I’ve been hearing about HIV as long as I can remember. Back then, my mindset towards HIV was sublimely unapologetic. The media and people around me demonized it so very much that I was scared to even think about it for a moment. Whatever was told, the reality was much different. Sometimes, I wonder how deceitful it is to listen to one side of a story and not be able to verify but make hasty conclusions.
Ethiopia is one of the countries in the world with a staggering number of HIV-positive people. The number of children who have lost their parents to HIV is also just below a million. HIV has cast its psychosocial and economical burdens for over two decades now. Thanks to a massive awareness campaign and various interventions carried out by the government and NGOs, the statistics are now falling. The stigma and discrimination practiced against HIV-positive citizens has affected the lives of these individuals greatly. Myths about the transmission of HIV and what it does to the body were so widespread and the public was influenced by these myths so much that HIV-positive people were having a hard time adjusting themselves and would suffer a wide range of problems.
Now the public has come to understand that people living with HIV can pretty much lead normal lives if they properly adhere to their medications and practice healthy lifestyles. Despite ongoing efforts, there are still wrong attitudes among some individuals. It is also usual nowadays to see a great number of HIV-positive people speak out and share their experiences. So, this means they have the belief they won’t be alienated by society anymore.
Addis, the capital city where I live, has the most overwhelming numbers of HIV-positive people as compared to the rest of the country. It has a population of about 5 million and every day one million people go in and out of the city. This is actually one of the factors that greatly contributed to the growing HIV epidemic in Addis. Recently though, it has been reported that only 5 out of 100 individuals are infected with the virus while this statistic was about 9 out of 100 not long ago. People are now realizing how serious this is and have started to avoid the risk behaviors that lead to contracting HIV. Equally important is the fact that the public has positively altered its outlook towards HIV-positive people. The “us versus them” attitude is no longer something that I see in my everyday life nor is it something I hear people say.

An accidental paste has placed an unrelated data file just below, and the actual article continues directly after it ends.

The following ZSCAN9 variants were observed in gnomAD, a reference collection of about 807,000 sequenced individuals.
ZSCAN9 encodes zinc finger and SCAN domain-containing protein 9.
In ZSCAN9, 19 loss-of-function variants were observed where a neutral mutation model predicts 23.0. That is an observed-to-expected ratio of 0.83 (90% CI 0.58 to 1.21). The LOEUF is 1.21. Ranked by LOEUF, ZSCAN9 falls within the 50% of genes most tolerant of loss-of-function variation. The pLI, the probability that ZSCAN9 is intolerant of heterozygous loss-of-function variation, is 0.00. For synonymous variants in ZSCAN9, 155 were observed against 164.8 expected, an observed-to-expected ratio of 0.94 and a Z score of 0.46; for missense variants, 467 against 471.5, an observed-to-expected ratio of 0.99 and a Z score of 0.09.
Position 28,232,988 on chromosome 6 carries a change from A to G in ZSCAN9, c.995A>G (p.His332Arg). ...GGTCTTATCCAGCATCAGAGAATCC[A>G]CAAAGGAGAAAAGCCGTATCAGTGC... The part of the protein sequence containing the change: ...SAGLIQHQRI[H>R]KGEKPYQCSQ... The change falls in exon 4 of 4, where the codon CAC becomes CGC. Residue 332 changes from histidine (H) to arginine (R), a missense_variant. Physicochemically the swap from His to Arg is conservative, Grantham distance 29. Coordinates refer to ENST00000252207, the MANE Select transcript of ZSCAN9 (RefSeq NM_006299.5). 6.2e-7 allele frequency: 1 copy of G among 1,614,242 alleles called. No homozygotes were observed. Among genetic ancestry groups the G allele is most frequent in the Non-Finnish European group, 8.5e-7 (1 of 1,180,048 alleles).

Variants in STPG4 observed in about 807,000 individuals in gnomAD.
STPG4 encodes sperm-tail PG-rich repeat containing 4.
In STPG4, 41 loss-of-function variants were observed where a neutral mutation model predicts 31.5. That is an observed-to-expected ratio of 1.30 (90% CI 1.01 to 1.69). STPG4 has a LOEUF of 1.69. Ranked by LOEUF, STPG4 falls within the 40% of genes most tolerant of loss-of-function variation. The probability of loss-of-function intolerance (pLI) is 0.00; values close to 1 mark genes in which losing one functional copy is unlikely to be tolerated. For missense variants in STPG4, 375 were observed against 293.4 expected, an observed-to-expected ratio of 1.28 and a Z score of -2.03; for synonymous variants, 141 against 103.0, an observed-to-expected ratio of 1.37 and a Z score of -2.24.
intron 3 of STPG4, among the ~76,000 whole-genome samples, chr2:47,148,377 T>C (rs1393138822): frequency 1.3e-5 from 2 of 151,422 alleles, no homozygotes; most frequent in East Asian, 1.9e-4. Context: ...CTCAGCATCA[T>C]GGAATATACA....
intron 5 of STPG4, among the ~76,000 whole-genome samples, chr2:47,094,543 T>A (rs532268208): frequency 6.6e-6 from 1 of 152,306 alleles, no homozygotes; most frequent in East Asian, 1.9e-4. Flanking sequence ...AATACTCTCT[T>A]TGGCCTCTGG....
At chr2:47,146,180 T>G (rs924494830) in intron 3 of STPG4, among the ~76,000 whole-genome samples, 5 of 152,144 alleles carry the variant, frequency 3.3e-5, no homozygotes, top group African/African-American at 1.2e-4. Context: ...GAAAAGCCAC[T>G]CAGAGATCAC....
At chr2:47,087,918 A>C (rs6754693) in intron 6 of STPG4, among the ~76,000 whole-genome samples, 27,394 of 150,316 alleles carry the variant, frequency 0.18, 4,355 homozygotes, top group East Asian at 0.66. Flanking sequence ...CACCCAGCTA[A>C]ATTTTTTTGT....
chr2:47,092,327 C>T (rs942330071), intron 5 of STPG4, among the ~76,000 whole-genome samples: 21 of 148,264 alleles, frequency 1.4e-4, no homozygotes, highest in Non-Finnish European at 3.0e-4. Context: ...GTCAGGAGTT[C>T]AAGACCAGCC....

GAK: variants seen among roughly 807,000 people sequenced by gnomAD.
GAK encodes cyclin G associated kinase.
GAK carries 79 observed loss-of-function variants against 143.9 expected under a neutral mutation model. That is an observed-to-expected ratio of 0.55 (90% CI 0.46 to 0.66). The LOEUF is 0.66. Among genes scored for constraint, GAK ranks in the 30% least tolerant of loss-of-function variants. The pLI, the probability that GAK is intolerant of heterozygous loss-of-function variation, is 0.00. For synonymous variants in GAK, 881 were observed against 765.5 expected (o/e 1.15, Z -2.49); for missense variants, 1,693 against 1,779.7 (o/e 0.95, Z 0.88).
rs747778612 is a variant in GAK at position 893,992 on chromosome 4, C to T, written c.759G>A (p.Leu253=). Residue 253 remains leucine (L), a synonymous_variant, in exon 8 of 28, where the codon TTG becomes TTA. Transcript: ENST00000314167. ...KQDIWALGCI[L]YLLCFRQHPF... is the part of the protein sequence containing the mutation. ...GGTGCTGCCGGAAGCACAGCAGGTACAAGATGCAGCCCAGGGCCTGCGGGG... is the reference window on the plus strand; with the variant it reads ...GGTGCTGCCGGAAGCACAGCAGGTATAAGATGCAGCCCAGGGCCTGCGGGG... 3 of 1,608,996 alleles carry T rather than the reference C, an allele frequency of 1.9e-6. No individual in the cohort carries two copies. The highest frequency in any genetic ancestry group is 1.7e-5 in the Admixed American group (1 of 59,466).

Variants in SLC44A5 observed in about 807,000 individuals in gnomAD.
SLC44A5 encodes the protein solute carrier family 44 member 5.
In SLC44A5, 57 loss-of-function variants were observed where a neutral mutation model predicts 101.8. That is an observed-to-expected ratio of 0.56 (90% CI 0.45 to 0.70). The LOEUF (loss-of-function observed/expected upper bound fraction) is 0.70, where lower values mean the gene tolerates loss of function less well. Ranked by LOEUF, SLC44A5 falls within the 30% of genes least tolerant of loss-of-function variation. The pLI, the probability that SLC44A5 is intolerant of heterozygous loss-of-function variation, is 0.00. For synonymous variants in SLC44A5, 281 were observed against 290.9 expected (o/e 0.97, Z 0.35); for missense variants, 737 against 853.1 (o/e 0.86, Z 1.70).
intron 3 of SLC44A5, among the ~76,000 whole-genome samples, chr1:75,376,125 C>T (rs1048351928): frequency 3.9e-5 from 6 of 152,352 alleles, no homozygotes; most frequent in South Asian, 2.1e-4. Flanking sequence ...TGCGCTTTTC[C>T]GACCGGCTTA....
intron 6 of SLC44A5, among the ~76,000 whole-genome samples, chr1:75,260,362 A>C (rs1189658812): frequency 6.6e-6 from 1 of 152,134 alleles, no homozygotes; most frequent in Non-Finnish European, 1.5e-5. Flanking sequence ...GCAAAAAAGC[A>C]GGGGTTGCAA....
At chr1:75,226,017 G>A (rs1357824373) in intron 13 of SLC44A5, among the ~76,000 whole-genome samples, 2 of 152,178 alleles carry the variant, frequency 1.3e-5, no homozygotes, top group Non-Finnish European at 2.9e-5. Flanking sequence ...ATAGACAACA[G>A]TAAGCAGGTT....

As someone who is in the medical environment, I have more expert knowledge on HIV from both a public health and a biologic perspective than the average person. I am fortunate enough to closely listen to what HIV-positive people have to say. As doctors, we are not only expected to treat the physical illness but the psychosocial malfunction associated with it. I couldn’t help but understand the pain they suffer as they walk me through their day to day lives. This has greatly helped me understand HIV. My mainstream perception about them is also derived from mass media awareness programs. I especially owe this to a radio program that is aired thrice a week called “Yibekal” literally translated as “It’s enough!” The way the program is put together is what endowed it with the power to change attitudes.
I volunteer in the public health activities of Ethiopian Medical Students’ Association (EMSA). I know the power of changing how people think about a particular situation and the importance of prevention as much as treatment. It has always been said that when we change the way we look at something, it changes. We’re all products of our mindsets. Therefore, the power of awareness-creation can never be underestimated. HIV is not something poor nations can fight only by themselves. When we celebrate this year’s World AIDS Day, we have to keep in mind that the role each of us plays counts and we have to renew our promises to contribute our shares throughout our lives. The HIV pandemic has taken its tolls for the past 30 years and has inflicted more damage in the developing nations than on anyone. I hope December 1 will be the day we vow to fight HIV together as one because this is the only way we can eradicate it from the face of the earth.
This guest post is contributed by Dr. Yelshaday Teklu. He is a General Intern at the Addis Ababa University, School of Medicine. Dr. Yelshaday is SCOPH Publications Head at the Ethiopian Medical Students’ Association and he is SCOPH African Regional Assistant for the International Federation of Medical Students’ Associations. Follow him on Twitter at https://twitter.com/yelshman.